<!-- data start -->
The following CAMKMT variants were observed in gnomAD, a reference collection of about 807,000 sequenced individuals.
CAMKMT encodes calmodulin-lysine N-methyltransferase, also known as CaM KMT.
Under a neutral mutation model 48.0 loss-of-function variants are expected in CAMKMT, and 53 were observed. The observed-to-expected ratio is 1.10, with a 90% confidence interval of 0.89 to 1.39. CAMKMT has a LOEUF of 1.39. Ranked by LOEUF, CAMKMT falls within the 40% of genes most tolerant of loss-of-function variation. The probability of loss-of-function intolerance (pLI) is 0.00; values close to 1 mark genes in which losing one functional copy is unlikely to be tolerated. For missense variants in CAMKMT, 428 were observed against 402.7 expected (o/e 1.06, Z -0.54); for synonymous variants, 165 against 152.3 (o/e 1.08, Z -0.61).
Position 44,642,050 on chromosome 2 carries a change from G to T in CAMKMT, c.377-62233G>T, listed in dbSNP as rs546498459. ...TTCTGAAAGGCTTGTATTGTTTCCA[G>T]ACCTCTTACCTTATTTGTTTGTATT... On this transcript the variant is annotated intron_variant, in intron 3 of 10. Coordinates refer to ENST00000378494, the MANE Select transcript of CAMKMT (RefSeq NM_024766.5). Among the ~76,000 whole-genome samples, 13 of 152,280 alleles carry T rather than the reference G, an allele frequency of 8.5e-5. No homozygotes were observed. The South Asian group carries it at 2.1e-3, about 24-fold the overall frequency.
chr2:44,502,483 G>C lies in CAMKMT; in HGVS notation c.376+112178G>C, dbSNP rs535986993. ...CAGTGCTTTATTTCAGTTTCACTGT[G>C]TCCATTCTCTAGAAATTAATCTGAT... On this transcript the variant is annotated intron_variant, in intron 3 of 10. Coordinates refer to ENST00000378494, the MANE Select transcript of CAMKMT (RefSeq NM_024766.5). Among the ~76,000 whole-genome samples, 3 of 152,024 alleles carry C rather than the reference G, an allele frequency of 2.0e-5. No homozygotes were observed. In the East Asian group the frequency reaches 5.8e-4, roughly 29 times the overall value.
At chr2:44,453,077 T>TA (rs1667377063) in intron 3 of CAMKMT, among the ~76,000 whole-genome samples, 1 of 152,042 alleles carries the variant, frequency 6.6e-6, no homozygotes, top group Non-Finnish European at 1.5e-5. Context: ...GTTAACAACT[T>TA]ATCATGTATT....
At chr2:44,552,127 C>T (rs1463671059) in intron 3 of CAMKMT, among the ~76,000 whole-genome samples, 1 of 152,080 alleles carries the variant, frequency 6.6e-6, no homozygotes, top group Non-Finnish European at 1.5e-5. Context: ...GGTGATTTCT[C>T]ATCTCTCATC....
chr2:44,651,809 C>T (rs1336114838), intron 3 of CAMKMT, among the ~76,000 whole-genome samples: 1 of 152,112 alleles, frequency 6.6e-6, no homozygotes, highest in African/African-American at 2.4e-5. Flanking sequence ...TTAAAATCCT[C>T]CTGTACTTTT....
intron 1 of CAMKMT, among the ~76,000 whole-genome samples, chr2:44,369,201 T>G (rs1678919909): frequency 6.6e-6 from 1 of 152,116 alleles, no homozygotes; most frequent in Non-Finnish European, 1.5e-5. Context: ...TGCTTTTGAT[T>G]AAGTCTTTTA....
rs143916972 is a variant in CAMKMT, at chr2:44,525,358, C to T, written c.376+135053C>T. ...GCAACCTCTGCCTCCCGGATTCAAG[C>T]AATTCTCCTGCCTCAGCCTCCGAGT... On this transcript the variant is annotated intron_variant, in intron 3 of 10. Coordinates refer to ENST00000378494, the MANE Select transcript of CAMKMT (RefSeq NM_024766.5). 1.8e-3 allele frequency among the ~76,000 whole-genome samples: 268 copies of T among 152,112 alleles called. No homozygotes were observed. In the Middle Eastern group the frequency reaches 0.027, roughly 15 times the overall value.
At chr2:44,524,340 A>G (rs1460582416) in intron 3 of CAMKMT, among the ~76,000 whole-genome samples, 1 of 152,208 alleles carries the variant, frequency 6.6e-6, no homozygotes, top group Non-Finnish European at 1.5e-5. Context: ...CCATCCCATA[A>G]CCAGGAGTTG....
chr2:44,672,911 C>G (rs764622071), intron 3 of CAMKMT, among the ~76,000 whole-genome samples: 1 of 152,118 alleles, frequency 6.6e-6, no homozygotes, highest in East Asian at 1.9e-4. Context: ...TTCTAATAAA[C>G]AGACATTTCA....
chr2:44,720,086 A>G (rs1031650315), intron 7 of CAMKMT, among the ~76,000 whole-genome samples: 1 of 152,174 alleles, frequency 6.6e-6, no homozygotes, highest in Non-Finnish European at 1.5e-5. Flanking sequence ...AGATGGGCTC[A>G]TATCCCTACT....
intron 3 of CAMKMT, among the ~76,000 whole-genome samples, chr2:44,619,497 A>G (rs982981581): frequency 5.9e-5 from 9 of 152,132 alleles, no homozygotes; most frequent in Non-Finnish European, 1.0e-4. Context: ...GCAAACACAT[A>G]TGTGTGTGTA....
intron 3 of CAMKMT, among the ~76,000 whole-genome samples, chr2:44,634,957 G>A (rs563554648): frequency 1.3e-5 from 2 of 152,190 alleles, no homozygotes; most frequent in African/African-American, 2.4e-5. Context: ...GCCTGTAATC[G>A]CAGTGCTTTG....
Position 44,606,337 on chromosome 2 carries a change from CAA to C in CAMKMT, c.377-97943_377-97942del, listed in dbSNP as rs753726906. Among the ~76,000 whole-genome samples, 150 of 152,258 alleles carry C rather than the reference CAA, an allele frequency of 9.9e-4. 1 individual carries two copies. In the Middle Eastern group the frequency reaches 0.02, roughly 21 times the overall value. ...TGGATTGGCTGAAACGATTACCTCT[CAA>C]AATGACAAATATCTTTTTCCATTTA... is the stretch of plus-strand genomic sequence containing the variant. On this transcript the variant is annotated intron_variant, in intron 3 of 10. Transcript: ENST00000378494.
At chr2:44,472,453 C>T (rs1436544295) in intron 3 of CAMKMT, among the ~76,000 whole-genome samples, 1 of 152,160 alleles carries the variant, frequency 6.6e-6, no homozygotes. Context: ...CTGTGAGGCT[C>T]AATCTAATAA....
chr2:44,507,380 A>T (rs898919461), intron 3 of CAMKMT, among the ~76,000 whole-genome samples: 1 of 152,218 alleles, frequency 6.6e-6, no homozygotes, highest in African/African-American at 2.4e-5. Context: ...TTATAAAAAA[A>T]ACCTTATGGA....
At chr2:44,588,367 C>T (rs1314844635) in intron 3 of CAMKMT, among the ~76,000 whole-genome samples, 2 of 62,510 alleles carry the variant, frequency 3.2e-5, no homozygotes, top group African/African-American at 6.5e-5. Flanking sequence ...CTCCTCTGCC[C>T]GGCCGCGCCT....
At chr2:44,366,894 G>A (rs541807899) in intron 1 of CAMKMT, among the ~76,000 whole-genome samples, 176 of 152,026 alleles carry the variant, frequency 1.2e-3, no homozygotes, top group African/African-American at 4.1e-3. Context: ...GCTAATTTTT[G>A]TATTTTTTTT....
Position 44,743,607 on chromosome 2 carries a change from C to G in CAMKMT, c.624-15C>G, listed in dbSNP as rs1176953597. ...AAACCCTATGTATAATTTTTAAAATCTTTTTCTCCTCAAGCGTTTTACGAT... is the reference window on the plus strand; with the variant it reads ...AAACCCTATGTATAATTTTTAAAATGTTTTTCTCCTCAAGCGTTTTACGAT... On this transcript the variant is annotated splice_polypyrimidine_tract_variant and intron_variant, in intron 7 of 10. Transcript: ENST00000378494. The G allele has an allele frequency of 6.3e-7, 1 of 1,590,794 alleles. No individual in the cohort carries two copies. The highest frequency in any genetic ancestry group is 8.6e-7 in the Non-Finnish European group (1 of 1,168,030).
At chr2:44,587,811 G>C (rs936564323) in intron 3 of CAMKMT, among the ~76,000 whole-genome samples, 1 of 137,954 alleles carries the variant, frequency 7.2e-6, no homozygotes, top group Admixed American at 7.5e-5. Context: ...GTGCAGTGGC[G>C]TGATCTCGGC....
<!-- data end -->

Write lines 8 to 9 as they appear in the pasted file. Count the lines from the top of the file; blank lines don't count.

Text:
chr2:44,651,809 C>T (rs1336114838), intron 3 of CAMKMT, among the ~76,000 whole-genome samples: 1 of 152,112 alleles, frequency 6.6e-6, no homozygotes, highest in African/African-American at 2.4e-5. Flanking sequence ...TTAAAATCCT[C>T]CTGTACTTTT....
intron 1 of CAMKMT, among the ~76,000 whole-genome samples, chr2:44,369,201 T>G (rs1678919909): frequency 6.6e-6 from 1 of 152,116 alleles, no homozygotes; most frequent in Non-Finnish European, 1.5e-5. Context: ...TGCTTTTGAT[T>G]AAGTCTTTTA....